Not to Touch the Earth

From Wikipedia, the free encyclopedia
Jump to: navigation, search
"Not to Touch the Earth"
Song by The Doors from the album Waiting for the Sun
Released July 13, 1968
Recorded February–May 1968
Genre Psychedelic rock, acid rock, space rock
Length 3:54
Label Elektra
Writer Jim Morrison
Robby Krieger
Ray Manzarek
John Densmore
Producer Paul Rothchild
Waiting for the Sun track listing
"Love Street"
(2)
"Not to Touch the Earth"
(3)
"Summer's Almost Gone"
(4)

"Not to Touch the Earth" is a 1968 song by The Doors from their album Waiting for the Sun. It stems from Jim Morrison's poem, "Celebration of the Lizard". A recording of the complete poem was attempted at the sessions for the album, but only the musical passage Not to Touch the Earth was deemed fit for release. [1]The poem was released on the album sleeve in written form. The complete poem was released in 2003 on the Legacy: The Absolute Best compilation, and the re-issue of Waiting for the Sun. The song has been criticized for not being as edgy or ambitious as previous Doors songs despite its topic. [2]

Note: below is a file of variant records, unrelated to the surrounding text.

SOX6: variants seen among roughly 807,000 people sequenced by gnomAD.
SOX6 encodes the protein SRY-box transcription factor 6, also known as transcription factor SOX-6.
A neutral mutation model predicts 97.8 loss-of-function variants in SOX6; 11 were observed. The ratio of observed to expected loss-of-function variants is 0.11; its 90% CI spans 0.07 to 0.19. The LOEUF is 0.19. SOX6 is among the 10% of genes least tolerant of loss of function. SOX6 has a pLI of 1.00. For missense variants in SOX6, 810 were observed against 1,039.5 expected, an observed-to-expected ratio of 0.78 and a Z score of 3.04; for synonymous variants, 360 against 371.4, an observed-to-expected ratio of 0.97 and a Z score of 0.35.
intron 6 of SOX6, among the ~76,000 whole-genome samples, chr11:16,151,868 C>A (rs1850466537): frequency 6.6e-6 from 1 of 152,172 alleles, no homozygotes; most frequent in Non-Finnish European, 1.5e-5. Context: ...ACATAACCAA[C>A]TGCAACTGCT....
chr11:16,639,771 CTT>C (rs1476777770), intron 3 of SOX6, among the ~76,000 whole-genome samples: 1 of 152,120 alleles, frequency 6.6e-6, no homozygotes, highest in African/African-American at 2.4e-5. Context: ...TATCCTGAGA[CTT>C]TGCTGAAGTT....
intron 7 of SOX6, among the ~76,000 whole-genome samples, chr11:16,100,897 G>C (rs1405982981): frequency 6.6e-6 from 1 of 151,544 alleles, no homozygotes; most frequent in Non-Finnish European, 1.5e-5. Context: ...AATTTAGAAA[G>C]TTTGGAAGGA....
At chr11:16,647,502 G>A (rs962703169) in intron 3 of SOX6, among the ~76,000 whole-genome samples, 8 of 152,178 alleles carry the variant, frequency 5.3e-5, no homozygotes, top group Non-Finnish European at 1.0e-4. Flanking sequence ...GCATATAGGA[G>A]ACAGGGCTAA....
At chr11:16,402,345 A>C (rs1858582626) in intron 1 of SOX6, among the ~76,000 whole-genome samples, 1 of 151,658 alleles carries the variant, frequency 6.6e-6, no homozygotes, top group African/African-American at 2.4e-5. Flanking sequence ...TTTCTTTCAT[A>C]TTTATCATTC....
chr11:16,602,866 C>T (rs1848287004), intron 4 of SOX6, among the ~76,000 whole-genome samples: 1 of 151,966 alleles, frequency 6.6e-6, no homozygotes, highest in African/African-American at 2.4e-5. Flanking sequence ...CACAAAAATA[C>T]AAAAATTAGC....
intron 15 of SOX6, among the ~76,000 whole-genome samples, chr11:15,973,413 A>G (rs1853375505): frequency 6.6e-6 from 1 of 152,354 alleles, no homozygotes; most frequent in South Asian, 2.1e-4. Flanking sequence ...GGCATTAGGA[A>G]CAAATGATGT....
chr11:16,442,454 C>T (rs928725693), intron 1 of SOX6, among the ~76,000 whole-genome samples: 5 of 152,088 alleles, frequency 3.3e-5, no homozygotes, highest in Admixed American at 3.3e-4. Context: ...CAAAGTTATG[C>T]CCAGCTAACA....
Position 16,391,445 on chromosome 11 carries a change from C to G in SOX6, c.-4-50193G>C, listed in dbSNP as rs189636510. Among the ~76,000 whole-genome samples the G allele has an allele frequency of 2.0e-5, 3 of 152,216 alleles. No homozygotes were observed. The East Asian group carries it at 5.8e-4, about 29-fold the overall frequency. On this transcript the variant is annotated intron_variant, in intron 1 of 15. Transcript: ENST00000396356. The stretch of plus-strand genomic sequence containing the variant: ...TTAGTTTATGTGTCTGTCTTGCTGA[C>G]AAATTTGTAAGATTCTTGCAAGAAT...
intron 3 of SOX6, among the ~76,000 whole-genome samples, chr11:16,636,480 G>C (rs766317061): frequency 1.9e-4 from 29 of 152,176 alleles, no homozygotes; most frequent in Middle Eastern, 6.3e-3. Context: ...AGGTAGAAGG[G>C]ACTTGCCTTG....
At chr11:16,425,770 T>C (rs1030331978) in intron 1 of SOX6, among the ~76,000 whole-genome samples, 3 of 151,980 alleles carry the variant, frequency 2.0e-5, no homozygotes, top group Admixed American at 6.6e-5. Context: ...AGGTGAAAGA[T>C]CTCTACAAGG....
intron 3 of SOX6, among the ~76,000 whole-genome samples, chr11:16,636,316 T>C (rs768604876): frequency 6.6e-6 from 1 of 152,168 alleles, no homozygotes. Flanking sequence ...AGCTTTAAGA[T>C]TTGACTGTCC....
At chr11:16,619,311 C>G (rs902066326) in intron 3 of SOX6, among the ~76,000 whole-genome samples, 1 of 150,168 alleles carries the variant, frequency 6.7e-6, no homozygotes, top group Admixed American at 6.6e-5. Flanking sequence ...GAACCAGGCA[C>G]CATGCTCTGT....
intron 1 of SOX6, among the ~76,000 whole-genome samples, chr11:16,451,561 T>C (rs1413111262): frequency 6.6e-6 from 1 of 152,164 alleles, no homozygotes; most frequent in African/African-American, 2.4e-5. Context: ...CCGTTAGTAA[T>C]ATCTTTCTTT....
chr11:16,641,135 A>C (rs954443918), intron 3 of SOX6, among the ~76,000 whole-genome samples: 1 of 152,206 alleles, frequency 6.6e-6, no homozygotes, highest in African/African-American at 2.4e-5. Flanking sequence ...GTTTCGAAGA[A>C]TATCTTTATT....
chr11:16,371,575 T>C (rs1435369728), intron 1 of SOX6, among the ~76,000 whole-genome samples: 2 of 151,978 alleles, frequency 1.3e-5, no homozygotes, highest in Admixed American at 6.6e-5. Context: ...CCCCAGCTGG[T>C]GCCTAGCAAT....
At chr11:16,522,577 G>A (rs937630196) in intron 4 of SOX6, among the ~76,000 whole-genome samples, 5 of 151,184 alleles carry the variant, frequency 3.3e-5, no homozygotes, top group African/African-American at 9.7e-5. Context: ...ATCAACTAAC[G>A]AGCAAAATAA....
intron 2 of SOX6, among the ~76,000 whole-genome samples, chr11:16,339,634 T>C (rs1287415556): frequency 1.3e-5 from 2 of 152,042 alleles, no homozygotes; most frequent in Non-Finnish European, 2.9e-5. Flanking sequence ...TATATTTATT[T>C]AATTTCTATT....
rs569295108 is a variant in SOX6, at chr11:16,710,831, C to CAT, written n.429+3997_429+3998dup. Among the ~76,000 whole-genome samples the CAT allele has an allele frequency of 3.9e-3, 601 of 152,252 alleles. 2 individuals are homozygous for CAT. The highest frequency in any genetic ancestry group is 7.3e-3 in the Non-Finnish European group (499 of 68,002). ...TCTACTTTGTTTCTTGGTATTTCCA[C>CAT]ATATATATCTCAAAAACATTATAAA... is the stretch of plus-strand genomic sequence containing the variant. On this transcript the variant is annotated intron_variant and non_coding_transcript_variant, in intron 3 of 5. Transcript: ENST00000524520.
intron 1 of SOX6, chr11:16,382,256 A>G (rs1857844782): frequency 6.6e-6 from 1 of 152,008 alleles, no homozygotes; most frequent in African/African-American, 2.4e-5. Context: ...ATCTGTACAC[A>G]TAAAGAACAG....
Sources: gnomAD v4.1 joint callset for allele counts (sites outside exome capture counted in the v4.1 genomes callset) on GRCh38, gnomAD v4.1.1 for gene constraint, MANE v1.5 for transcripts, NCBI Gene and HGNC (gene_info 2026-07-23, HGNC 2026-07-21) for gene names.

Lyrical meaning[edit]

The song begins, "Not to touch the earth, not to see the sun..." These are subchapters of the 60th chapter of The Golden Bough by James Frazer. The chapter is called "Between Heaven and Earth", with subchapter 1, "Not to Touch the Earth", and subchapter 2, "Not to See the Sun". [3] These subchapters detail taboos against certain people (generally royalty or priests) walking upon the ground or having the sun shine directly upon them. Frazer had noted that these superstitions were recurring throughout many primitive cultures, and appeared to be related to traditions and taboos concerning menarche and the thereby following female initiation rites. Frazer's work was an influence on Morrison, according to the biography No One Here Gets Out Alive.

Cover versions[edit]

The song has been covered by Deceased, Queens of the Stone Age, Bile, Nicole Atkins and Otep. [4]

External links[edit]

References[edit]